NCNP’s bioresources provide the foundation on which our research mission to develop next-generation diagnostics and treatments for neuropsychiatric and muscular diseases rests. Accordingly, our Department of Clinical Development prioritizes the collection and maintenance of samples, such as brain and muscle tissue and cerebrospinal fluid (CSF), related to the focus of our current research, alongside detailed and accurate clinical information. To date, we have collected over 15,000 frozen muscle tissue specimens, 600 brain tissue specimens, and 3,000 cerebrospinal fluid samples. We also have over 500 pedigree samples collected from individuals with intellectual disability. Recently, we started the prospective collection of blood and DNA samples and detailed clinical data (mainly psychiatric) from consenting patients attending our outpatient clinic, as part of a collaborative project led by the National Center Biobank Network. For more information on the NCNP Biobank, see.
Using our bioresources, the Department of Clinical Development, together with the National Institute of Neuroscience and other collaborators, have identified many causative genes for hereditary neuromuscular diseases and intellectual disability. We are also expanding our research to more complex neuropsychiatric disorders, such as Parkinson’s disease, schizophrenia, and depression. Recent advances in analytical equipment have enabled us to apply non-biased, comprehensive proteomics and metabolomics methods to analyzing samples. The quality of the clinical information we collect, store, and analyze has a substantial impact on our selection of candidate markers. Using CSF samples and corresponding detailed, accurate clinical information, we are exploring CSF biomarkers of neuropsychiatric disorders that we expect will help us identify new subgroups among the disorders and new target molecules for drug development.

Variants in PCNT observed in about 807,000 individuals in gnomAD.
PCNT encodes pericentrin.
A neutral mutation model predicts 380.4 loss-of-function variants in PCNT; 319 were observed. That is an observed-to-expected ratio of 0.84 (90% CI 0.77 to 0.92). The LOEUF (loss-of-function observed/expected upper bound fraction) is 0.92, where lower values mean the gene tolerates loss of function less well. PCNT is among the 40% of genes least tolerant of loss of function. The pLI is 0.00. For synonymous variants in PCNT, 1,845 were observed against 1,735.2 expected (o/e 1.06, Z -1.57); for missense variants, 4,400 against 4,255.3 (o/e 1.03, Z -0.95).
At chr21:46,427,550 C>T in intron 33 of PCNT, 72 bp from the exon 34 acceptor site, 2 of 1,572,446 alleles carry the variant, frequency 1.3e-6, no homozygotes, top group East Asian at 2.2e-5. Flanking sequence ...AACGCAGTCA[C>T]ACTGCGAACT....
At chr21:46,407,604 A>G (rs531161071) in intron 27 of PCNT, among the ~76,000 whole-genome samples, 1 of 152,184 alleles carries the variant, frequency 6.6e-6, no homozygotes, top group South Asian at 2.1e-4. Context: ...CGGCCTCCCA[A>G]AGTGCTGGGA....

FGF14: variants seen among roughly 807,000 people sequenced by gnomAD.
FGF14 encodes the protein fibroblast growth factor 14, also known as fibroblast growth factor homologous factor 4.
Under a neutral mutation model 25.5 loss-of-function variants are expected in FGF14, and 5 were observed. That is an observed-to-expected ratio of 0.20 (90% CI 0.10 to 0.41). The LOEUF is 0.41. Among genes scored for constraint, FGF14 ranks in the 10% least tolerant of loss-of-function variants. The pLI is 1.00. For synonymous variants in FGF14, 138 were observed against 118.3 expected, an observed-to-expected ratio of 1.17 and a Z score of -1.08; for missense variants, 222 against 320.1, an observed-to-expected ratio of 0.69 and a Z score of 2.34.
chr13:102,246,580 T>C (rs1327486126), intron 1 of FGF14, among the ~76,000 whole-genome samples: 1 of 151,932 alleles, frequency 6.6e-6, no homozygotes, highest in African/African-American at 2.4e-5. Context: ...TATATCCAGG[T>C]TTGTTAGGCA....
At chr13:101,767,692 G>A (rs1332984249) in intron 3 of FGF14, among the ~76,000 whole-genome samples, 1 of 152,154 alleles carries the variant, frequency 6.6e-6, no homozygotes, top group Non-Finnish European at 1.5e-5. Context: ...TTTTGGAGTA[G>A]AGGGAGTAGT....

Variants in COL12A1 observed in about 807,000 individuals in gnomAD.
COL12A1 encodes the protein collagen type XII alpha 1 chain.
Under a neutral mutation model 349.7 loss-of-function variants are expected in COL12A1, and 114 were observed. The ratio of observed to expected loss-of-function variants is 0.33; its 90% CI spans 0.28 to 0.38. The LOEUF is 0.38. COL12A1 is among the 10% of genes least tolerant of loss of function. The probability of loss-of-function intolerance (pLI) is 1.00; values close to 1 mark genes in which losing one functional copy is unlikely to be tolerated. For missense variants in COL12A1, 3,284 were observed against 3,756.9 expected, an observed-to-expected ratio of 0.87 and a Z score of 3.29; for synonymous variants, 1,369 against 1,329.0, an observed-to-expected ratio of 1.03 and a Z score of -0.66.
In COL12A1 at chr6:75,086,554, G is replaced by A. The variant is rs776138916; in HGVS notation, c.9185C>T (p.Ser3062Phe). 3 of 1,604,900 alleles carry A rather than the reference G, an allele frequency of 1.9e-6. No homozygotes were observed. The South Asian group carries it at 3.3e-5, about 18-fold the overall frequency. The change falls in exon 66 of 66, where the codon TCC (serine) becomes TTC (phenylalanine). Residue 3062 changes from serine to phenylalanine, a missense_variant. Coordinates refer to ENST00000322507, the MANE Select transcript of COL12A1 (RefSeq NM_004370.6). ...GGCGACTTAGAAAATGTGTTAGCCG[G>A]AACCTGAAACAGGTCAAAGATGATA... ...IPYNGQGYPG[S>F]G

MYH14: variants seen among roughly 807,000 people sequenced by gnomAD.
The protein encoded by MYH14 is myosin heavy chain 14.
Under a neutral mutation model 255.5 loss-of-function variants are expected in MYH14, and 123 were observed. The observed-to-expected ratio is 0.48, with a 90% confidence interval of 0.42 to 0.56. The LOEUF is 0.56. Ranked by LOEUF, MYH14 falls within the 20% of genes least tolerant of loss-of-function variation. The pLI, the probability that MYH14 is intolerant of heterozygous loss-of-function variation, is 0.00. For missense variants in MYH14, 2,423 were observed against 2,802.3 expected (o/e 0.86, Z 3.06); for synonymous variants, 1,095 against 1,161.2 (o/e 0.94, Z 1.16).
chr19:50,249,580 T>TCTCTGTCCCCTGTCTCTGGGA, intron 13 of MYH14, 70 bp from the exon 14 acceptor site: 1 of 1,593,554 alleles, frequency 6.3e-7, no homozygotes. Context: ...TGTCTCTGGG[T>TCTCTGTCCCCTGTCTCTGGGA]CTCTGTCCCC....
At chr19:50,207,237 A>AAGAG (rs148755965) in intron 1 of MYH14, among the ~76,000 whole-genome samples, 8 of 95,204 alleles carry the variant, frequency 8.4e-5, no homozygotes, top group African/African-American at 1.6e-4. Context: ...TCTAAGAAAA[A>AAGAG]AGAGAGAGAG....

The Department of Clinical Development aims to establish new diagnostic methods by applying cutting-edge technologies such as next-generation sequencing. We have already established muscle gene panels for target re-sequencing analysis that cover virtually all known causative genes of hereditary muscle diseases. We have also established an informatics analysis pipeline for whole exome sequencing analysis data and are trying to identify new causative genes for hereditary neuromuscular disorders.
The Department of Clinical Development supports developments in neuromuscular medicine by providing a nationwide neuromuscular diagnostic service. This service includes muscle pathology and genetic analyses that are not fully covered by the current national health insurance system in Japan. The service has handled more than 800 muscle samples to date, more samples than most single laboratories manage worldwide. These samples constitute the muscle repository, a major part of the bioresources held in our biobank at NCNP.